Russian President Vladimir Putin’s war in Ukraine is contributing to rising food prices and threatening food supplies around the world. In Ukraine, Russia’s forces have destroyed farms, bombed warehouses, ruined fields, and seized tractors and other equipment for fortifications, according to news reports.
Land mines have forced Ukrainians to abandon their farms, and a Russian Navy blockade of Ukrainian Black Sea ports is limiting exports.
As a result, global food commodity prices are skyrocketing, according to the U.N. Food and Agriculture Organization (FAO). In March, food prices reached new highs “largely as a result of the war in Ukraine,” FAO reported April 8.
“War in the Black Sea region spread shocks through markets for staple grains and vegetable oils,” FAO added, noting that prices for corn, meat and other basic goods are also rising.
World food commodity prices reached their highest levels ever in March, as war in #Ukraine spreads shocks through markets.
The @FAO Food Price Index averaged 159.3 points in March, up 12.6% from Feb 2022 and was 33.6% higher than in March 2021.
👉 https://t.co/BxZAlthZKS pic.twitter.com/h6E2vLOTaO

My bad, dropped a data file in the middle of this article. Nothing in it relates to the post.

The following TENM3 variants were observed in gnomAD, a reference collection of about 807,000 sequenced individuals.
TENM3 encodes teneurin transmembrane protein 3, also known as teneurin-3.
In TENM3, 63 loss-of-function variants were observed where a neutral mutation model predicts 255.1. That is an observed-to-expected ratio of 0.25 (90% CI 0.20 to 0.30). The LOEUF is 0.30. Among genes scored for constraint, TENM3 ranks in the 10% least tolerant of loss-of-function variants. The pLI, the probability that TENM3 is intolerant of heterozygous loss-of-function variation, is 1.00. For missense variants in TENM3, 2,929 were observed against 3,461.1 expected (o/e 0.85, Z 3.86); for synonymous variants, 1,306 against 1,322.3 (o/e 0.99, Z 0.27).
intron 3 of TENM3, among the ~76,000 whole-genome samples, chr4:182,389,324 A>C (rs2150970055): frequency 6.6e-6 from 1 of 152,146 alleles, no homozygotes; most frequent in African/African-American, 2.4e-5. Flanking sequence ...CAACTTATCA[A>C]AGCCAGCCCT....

— FAO Newsroom (@FAOnews) April 8, 2022
Known as the breadbasket of Europe, Ukraine is 70% farmland and a major agricultural exporter. Ukraine produces about 10% of the world’s wheat and 15% of the global supply of corn, and it is the world’s leading exporter of sunflower seed oil. All of these goods have been severely disrupted by the Kremlin’s February 24 further invasion of Ukraine, experts say.
Bread prices are increasing across the Middle East and Africa, including in Egypt, Ethiopia and Lebanon, which all rely heavily on Ukraine for wheat.
Shocks to the supply of sunflower seed oil have led to a 23% increase in vegetable oil prices and contributed to an upwards of 40% spike in palm oil, commonly used for cooking in Indonesia.
In East Africa, where drought and civil war in Ethiopia are causing widespread hunger, the war in Ukraine threatens to further increase the cost of wheat and other staples, an official with the humanitarian group Mercy Corps told the New York Times.
Oleksandr Kyrychyshyn, a farmer in southern Ukraine’s Kherson region, says that the Russian military is preventing spring planting, suggesting further disruptions of food supply. “I don’t know if I will sow,” Kyrychyshyn told the Times. “They told us that every car that drives out into the field will be shot.”